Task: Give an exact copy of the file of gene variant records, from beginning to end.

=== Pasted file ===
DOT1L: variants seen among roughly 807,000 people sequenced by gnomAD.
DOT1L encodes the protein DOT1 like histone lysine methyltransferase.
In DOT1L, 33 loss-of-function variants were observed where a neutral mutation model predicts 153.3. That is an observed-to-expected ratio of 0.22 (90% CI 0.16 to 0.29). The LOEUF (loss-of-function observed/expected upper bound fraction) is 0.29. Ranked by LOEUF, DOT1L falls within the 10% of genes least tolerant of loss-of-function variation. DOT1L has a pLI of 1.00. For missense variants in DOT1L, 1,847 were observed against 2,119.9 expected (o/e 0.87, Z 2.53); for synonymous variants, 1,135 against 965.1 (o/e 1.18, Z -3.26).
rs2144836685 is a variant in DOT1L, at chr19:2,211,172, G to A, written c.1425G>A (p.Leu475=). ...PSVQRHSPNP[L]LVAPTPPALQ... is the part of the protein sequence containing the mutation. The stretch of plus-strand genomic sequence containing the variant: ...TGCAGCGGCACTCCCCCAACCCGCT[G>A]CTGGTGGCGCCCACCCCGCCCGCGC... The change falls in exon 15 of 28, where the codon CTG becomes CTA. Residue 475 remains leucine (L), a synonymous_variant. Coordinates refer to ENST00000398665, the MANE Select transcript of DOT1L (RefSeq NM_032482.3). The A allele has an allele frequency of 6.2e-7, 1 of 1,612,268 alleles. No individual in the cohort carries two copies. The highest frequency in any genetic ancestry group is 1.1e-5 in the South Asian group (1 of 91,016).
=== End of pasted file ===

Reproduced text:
DOT1L: variants seen among roughly 807,000 people sequenced by gnomAD.
DOT1L encodes the protein DOT1 like histone lysine methyltransferase.
In DOT1L, 33 loss-of-function variants were observed where a neutral mutation model predicts 153.3. That is an observed-to-expected ratio of 0.22 (90% CI 0.16 to 0.29). The LOEUF (loss-of-function observed/expected upper bound fraction) is 0.29. Ranked by LOEUF, DOT1L falls within the 10% of genes least tolerant of loss-of-function variation. DOT1L has a pLI of 1.00. For missense variants in DOT1L, 1,847 were observed against 2,119.9 expected (o/e 0.87, Z 2.53); for synonymous variants, 1,135 against 965.1 (o/e 1.18, Z -3.26).
rs2144836685 is a variant in DOT1L, at chr19:2,211,172, G to A, written c.1425G>A (p.Leu475=). ...PSVQRHSPNP[L]LVAPTPPALQ... is the part of the protein sequence containing the mutation. The stretch of plus-strand genomic sequence containing the variant: ...TGCAGCGGCACTCCCCCAACCCGCT[G>A]CTGGTGGCGCCCACCCCGCCCGCGC... The change falls in exon 15 of 28, where the codon CTG becomes CTA. Residue 475 remains leucine (L), a synonymous_variant. Coordinates refer to ENST00000398665, the MANE Select transcript of DOT1L (RefSeq NM_032482.3). The A allele has an allele frequency of 6.2e-7, 1 of 1,612,268 alleles. No individual in the cohort carries two copies. The highest frequency in any genetic ancestry group is 1.1e-5 in the South Asian group (1 of 91,016).